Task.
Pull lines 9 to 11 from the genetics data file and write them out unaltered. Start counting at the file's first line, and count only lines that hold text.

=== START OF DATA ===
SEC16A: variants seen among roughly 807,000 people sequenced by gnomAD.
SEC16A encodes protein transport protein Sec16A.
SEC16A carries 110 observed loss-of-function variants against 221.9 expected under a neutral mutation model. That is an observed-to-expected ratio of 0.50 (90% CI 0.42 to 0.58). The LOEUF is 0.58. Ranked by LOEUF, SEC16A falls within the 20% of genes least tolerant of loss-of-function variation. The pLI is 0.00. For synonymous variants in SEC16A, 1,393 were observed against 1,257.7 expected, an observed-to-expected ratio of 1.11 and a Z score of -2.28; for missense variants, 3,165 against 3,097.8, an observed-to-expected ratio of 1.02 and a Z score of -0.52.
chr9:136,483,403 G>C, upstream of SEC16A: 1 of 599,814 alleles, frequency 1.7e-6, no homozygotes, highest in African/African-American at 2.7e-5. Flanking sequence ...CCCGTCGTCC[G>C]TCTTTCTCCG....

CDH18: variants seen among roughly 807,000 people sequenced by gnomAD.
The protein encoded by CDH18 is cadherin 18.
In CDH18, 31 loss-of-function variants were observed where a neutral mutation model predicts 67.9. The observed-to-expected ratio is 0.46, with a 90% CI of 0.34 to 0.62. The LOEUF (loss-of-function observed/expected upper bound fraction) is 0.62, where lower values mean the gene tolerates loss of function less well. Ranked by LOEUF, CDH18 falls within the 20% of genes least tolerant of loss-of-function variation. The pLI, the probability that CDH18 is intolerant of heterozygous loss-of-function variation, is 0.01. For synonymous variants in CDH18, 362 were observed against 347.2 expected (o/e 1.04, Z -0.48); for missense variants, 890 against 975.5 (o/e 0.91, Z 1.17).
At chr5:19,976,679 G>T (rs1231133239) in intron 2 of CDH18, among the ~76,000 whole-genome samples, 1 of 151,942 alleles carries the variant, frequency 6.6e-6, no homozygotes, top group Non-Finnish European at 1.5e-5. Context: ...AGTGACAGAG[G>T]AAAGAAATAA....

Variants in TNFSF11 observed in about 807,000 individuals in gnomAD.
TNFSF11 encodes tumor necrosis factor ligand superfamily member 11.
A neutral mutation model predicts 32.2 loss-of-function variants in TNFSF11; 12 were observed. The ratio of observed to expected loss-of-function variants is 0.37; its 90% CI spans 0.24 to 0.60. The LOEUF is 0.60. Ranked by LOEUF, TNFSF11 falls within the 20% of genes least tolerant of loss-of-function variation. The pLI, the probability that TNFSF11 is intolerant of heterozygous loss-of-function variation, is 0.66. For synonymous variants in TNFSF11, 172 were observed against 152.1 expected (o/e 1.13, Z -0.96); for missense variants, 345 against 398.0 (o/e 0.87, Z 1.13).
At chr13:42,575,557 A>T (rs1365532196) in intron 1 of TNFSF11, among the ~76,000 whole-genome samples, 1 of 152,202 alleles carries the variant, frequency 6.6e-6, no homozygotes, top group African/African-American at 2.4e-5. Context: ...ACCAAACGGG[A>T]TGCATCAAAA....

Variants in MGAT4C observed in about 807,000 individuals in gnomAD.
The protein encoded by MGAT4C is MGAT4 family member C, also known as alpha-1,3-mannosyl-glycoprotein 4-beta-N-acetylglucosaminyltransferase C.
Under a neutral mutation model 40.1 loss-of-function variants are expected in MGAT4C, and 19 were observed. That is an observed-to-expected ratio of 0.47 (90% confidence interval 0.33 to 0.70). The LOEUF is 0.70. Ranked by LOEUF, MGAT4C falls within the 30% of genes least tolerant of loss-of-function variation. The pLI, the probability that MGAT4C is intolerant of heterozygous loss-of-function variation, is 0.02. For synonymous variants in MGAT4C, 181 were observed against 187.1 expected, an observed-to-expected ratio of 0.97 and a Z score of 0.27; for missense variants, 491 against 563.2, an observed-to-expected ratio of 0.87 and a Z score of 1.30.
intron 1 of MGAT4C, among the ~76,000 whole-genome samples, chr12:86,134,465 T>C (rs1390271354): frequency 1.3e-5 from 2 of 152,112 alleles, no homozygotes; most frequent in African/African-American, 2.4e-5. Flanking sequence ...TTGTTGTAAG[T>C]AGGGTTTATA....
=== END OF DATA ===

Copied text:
Variants in TNFSF11 observed in about 807,000 individuals in gnomAD.
TNFSF11 encodes tumor necrosis factor ligand superfamily member 11.
A neutral mutation model predicts 32.2 loss-of-function variants in TNFSF11; 12 were observed. The ratio of observed to expected loss-of-function variants is 0.37; its 90% CI spans 0.24 to 0.60. The LOEUF is 0.60. Ranked by LOEUF, TNFSF11 falls within the 20% of genes least tolerant of loss-of-function variation. The pLI, the probability that TNFSF11 is intolerant of heterozygous loss-of-function variation, is 0.66. For synonymous variants in TNFSF11, 172 were observed against 152.1 expected (o/e 1.13, Z -0.96); for missense variants, 345 against 398.0 (o/e 0.87, Z 1.13).